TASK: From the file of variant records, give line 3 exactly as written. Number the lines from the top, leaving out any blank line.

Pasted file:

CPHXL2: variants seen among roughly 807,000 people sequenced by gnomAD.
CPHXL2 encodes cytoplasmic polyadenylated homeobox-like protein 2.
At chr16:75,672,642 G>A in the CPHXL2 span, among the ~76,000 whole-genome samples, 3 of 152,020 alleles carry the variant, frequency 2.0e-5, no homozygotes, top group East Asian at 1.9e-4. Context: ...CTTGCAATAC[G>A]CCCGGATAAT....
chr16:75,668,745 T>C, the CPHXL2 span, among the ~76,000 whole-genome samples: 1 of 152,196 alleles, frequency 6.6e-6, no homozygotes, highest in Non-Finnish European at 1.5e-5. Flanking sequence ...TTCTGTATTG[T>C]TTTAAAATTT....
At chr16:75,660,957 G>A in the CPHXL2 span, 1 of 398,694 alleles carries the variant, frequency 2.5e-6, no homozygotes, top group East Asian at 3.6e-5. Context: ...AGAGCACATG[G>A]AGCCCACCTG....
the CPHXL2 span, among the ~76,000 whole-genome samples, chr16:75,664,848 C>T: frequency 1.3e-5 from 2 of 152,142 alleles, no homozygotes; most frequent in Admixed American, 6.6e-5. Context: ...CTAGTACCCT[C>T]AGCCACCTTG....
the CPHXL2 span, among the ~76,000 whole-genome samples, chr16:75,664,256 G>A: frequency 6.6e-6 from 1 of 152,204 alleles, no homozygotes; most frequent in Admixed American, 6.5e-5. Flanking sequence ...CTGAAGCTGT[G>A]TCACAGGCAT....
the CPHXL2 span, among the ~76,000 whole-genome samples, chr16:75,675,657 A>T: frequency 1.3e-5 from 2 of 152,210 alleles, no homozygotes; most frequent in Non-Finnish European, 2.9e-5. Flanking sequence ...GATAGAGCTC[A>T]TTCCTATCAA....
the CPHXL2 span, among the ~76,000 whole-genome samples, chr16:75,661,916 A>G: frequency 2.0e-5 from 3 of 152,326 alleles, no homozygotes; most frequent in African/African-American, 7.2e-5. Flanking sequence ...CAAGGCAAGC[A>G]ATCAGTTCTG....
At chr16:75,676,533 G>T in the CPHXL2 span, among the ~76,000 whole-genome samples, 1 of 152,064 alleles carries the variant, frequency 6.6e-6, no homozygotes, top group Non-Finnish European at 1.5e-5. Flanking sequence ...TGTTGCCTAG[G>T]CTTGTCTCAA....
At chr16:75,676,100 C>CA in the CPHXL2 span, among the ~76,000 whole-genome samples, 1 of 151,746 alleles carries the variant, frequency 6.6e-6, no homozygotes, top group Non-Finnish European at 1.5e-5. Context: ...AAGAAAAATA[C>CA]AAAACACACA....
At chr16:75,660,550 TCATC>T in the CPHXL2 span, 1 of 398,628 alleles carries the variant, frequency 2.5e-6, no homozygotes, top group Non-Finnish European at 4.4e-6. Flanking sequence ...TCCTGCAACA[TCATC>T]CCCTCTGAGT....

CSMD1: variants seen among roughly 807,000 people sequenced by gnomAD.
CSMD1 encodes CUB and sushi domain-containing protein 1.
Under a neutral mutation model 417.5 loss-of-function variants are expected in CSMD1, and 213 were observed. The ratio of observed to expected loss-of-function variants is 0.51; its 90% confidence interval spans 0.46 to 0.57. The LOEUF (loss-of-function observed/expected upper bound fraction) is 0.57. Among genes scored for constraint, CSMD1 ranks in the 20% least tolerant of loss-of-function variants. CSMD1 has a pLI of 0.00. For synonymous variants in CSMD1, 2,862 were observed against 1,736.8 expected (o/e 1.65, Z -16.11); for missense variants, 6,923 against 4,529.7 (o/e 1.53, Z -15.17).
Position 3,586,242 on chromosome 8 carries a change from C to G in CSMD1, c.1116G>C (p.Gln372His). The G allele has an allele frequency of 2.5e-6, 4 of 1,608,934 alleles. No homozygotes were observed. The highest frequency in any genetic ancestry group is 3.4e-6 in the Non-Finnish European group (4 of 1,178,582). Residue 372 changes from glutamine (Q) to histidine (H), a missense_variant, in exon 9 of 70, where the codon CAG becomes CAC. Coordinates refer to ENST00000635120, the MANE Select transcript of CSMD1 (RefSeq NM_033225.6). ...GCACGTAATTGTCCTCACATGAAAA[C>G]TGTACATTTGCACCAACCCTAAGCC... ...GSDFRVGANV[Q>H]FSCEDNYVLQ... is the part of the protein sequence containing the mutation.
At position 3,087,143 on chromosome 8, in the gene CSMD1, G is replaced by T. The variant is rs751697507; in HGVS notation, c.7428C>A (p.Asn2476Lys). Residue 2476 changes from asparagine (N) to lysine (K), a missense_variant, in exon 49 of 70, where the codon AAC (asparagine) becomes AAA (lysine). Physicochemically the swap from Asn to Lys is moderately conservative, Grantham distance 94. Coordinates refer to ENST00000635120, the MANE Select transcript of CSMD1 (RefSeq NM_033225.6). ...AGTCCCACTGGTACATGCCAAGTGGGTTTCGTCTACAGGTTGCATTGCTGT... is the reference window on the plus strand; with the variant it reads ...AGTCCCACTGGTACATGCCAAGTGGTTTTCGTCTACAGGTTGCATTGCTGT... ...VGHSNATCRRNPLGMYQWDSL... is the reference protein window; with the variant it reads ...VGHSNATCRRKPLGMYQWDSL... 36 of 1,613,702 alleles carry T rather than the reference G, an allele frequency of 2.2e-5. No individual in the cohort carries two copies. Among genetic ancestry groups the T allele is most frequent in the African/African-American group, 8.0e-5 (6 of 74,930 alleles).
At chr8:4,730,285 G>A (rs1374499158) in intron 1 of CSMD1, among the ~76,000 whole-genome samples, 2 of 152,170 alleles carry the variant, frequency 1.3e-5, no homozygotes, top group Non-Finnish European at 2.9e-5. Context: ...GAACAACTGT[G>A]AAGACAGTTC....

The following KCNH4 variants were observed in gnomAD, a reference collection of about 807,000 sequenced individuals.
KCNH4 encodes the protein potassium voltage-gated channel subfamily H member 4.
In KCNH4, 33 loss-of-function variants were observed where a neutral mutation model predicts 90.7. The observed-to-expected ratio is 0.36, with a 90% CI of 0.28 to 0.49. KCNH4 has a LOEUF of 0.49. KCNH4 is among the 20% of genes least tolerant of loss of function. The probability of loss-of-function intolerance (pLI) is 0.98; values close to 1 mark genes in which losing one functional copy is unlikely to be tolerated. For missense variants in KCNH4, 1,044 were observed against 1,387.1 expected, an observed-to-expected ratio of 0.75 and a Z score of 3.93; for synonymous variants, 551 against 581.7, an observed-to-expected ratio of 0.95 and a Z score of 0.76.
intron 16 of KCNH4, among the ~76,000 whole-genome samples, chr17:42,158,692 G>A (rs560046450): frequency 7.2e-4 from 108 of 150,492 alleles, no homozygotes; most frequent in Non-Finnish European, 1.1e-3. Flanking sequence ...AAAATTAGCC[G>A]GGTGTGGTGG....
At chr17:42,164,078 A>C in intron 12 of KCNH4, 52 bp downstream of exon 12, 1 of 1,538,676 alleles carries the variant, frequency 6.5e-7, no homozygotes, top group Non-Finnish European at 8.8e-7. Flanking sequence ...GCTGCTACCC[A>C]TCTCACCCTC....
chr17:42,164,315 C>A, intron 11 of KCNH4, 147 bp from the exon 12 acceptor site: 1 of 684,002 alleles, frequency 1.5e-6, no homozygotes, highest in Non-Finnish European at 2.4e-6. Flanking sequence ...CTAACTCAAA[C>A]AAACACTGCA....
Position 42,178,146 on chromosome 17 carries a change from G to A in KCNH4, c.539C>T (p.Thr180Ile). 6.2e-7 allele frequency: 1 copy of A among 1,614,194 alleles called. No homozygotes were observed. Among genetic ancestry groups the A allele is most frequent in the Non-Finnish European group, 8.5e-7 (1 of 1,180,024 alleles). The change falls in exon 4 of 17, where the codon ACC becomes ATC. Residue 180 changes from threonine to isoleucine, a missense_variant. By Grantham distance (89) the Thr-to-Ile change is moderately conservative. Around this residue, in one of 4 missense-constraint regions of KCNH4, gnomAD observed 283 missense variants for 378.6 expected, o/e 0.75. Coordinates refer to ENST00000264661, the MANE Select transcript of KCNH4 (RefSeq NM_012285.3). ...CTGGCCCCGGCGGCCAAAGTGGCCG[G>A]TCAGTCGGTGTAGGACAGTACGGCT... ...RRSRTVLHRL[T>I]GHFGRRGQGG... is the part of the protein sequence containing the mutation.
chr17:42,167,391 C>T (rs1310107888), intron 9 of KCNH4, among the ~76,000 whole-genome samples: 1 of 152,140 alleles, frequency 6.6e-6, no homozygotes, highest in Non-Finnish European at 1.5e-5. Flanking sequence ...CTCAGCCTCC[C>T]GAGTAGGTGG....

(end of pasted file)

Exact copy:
At chr16:75,672,642 G>A in the CPHXL2 span, among the ~76,000 whole-genome samples, 3 of 152,020 alleles carry the variant, frequency 2.0e-5, no homozygotes, top group East Asian at 1.9e-4. Context: ...CTTGCAATAC[G>A]CCCGGATAAT....